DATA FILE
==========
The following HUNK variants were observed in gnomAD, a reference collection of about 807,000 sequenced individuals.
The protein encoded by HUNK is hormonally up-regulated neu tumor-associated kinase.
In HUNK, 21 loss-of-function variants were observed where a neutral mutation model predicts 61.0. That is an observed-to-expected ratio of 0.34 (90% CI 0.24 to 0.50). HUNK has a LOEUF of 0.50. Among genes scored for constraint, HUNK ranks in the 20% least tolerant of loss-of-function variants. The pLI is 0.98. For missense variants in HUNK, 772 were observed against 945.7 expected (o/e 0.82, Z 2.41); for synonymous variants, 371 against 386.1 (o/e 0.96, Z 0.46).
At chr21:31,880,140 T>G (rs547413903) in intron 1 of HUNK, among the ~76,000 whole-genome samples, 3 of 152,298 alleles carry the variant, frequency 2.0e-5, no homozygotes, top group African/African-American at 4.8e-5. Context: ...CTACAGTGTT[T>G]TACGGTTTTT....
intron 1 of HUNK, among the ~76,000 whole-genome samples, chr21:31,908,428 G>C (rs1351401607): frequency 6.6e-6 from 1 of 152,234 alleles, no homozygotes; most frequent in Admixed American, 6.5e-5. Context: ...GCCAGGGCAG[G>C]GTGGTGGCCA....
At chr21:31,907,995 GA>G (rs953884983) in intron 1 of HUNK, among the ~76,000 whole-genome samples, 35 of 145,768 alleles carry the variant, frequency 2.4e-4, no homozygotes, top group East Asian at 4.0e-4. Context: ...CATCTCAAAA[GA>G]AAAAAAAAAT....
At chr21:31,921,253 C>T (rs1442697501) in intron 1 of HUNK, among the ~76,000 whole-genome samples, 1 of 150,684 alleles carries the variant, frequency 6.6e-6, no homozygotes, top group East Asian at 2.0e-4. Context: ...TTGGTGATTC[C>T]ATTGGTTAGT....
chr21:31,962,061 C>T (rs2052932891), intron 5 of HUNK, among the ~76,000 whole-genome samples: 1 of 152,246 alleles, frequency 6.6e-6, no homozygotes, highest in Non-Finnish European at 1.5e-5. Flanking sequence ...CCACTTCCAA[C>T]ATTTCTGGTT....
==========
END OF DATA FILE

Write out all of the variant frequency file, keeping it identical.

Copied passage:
The following HUNK variants were observed in gnomAD, a reference collection of about 807,000 sequenced individuals.
The protein encoded by HUNK is hormonally up-regulated neu tumor-associated kinase.
In HUNK, 21 loss-of-function variants were observed where a neutral mutation model predicts 61.0. That is an observed-to-expected ratio of 0.34 (90% CI 0.24 to 0.50). HUNK has a LOEUF of 0.50. Among genes scored for constraint, HUNK ranks in the 20% least tolerant of loss-of-function variants. The pLI is 0.98. For missense variants in HUNK, 772 were observed against 945.7 expected (o/e 0.82, Z 2.41); for synonymous variants, 371 against 386.1 (o/e 0.96, Z 0.46).
At chr21:31,880,140 T>G (rs547413903) in intron 1 of HUNK, among the ~76,000 whole-genome samples, 3 of 152,298 alleles carry the variant, frequency 2.0e-5, no homozygotes, top group African/African-American at 4.8e-5. Context: ...CTACAGTGTT[T>G]TACGGTTTTT....
intron 1 of HUNK, among the ~76,000 whole-genome samples, chr21:31,908,428 G>C (rs1351401607): frequency 6.6e-6 from 1 of 152,234 alleles, no homozygotes; most frequent in Admixed American, 6.5e-5. Context: ...GCCAGGGCAG[G>C]GTGGTGGCCA....
At chr21:31,907,995 GA>G (rs953884983) in intron 1 of HUNK, among the ~76,000 whole-genome samples, 35 of 145,768 alleles carry the variant, frequency 2.4e-4, no homozygotes, top group East Asian at 4.0e-4. Context: ...CATCTCAAAA[GA>G]AAAAAAAAAT....
At chr21:31,921,253 C>T (rs1442697501) in intron 1 of HUNK, among the ~76,000 whole-genome samples, 1 of 150,684 alleles carries the variant, frequency 6.6e-6, no homozygotes, top group East Asian at 2.0e-4. Context: ...TTGGTGATTC[C>T]ATTGGTTAGT....
chr21:31,962,061 C>T (rs2052932891), intron 5 of HUNK, among the ~76,000 whole-genome samples: 1 of 152,246 alleles, frequency 6.6e-6, no homozygotes, highest in Non-Finnish European at 1.5e-5. Flanking sequence ...CCACTTCCAA[C>T]ATTTCTGGTT....